Arkansas Times reporter/blogger Max Brantley has a great write-up on Blanche Lincoln and her troubles in Arkansas. As a trusted local source, Brantley has more credibility on Lincoln than any of the national wags trying to claim that she is only “voting her state” by threatening to block health care reform. Tell that to the guy from Arkansas. Brantley says that Lincoln’s politics have moderated over time, and that she’s threatening her political career with her role in the health care debate:

The hard-core Republican base voter is motivated almost to the point of violence. There’ll be no presidential race in 2010 to swell turnout. A Democratic campaign operative in the Delta — his work is turning out black voters — told me that people with solid reasons to support Lincoln, including legislative favors, just don’t seem to care about her fate […] The Lincoln campaign seems more obsessed with money than people, apparently thinking that a huge treasury alone will guarantee success. They are wrong. Whoever wins the Republican nomination will have ample money, in either direct or indirect support, to get out a message.

She was combative with reporters Saturday in announcing her deciding vote to allow debate to begin on health legislation. She said she’s doing what she thinks best for Arkansas voters, not serving a special interest. Even if she’s sincere, her position is harder to articulate and still boils down to protecting private insurance companies from competition..

I still can’t believe that, in the fullness of time, more Americans wouldn’t appreciate a successful effort to provide more people with health coverage and more protection from the cruel whims of insurance companies. But time is short for 2010 candidates.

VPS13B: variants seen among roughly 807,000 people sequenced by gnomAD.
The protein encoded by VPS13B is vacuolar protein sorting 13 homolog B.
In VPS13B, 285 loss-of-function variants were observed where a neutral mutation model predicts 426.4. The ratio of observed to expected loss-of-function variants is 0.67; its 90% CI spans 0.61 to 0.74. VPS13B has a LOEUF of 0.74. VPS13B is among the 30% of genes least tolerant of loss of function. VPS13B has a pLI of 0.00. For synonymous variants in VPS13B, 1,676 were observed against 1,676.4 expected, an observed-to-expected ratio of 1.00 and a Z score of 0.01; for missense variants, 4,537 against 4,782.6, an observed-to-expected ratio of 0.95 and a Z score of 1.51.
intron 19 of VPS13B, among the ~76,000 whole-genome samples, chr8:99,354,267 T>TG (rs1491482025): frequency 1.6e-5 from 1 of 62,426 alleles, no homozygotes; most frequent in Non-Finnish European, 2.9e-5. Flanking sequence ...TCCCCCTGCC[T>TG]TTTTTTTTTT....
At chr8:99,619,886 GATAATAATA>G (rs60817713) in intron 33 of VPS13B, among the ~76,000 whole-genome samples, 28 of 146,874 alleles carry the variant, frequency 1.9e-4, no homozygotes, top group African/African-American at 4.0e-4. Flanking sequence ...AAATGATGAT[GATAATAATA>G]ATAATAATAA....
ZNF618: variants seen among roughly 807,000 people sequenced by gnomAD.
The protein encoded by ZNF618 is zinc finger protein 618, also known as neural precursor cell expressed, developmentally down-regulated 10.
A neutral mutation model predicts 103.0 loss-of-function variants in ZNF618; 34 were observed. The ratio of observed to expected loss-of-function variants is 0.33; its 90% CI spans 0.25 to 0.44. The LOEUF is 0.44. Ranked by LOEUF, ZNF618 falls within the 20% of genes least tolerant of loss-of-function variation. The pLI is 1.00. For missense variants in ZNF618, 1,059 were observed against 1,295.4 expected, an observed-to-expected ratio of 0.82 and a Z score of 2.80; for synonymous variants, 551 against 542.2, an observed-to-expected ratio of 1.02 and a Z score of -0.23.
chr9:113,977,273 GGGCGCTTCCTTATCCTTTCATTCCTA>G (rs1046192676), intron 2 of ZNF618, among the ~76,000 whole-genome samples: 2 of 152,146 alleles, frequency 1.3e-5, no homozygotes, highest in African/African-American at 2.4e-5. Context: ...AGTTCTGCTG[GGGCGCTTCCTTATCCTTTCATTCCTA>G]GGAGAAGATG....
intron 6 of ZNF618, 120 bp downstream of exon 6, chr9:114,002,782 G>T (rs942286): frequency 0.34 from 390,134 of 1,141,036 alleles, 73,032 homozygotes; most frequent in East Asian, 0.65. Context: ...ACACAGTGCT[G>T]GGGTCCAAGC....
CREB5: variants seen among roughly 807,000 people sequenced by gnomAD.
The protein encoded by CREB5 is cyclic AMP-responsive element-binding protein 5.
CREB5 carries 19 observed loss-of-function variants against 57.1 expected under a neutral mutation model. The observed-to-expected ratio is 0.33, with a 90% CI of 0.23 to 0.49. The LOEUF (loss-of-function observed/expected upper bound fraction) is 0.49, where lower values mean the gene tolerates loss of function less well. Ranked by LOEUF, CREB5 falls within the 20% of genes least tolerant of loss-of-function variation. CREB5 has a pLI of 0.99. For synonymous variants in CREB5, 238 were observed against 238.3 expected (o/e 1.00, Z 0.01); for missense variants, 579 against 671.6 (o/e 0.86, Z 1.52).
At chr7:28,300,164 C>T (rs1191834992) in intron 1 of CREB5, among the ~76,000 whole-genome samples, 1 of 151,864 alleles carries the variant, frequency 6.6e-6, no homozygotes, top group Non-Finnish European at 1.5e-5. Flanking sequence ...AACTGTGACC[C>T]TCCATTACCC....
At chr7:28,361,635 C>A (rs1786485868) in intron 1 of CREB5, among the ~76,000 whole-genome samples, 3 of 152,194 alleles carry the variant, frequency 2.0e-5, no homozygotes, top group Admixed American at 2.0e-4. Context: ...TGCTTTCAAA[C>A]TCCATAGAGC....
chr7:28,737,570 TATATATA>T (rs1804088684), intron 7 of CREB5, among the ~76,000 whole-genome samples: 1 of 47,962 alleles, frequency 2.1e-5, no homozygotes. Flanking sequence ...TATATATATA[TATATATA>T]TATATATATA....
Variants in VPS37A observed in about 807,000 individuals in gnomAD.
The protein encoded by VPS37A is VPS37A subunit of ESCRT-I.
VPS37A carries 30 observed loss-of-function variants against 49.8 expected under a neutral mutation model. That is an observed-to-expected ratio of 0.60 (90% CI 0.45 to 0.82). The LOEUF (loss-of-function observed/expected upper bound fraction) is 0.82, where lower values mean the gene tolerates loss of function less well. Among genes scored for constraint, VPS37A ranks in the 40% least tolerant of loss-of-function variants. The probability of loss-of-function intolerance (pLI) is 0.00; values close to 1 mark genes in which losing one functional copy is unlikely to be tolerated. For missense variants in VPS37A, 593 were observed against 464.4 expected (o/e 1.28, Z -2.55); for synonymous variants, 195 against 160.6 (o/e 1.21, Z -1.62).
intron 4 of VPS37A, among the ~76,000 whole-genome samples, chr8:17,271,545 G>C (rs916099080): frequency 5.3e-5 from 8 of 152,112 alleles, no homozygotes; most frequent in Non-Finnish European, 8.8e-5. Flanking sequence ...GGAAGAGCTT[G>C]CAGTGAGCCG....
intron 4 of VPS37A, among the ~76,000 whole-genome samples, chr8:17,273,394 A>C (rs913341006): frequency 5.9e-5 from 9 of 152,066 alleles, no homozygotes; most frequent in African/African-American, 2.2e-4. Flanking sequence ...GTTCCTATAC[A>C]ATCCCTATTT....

Brantley seems to believe that Democratic fortunes in Arkansas could be tied to Lt. Governor Bill Halter, who he believes could beat Lincoln in a primary, especially if she votes against the interests of her constituents on health care:

Perhaps Lt. Gov. Bill Halter will test my theory. The Father of the Arkansas Lottery and the recent champion of a successful free health clinic for a thousand of the state’s needy, Halter will never be more popular. In the Second District, where barely a quarter of Democrats are happy with Lincoln, the dissatisfaction is not because she’s too liberal.

Halter, should he jump in the race, could win a Democratic primary that will have few other contests of note and an incumbent with a tepid base. Moreover, given his pluses and given the fact that he would have no Senate record to pick apart, he might be able to win the whole thing. You’d think that prospect might count for something in Lincoln’s further health ditherations.

In 2006, Colin McEnroe became the traditional media source with the most perceptive take in Connecticut during the Lamont/Lieberman primary. Max Brantley could be that source in 2010, especially if Halter takes the plunge and challenges Blanche Lincoln.

David Dayen

David Dayen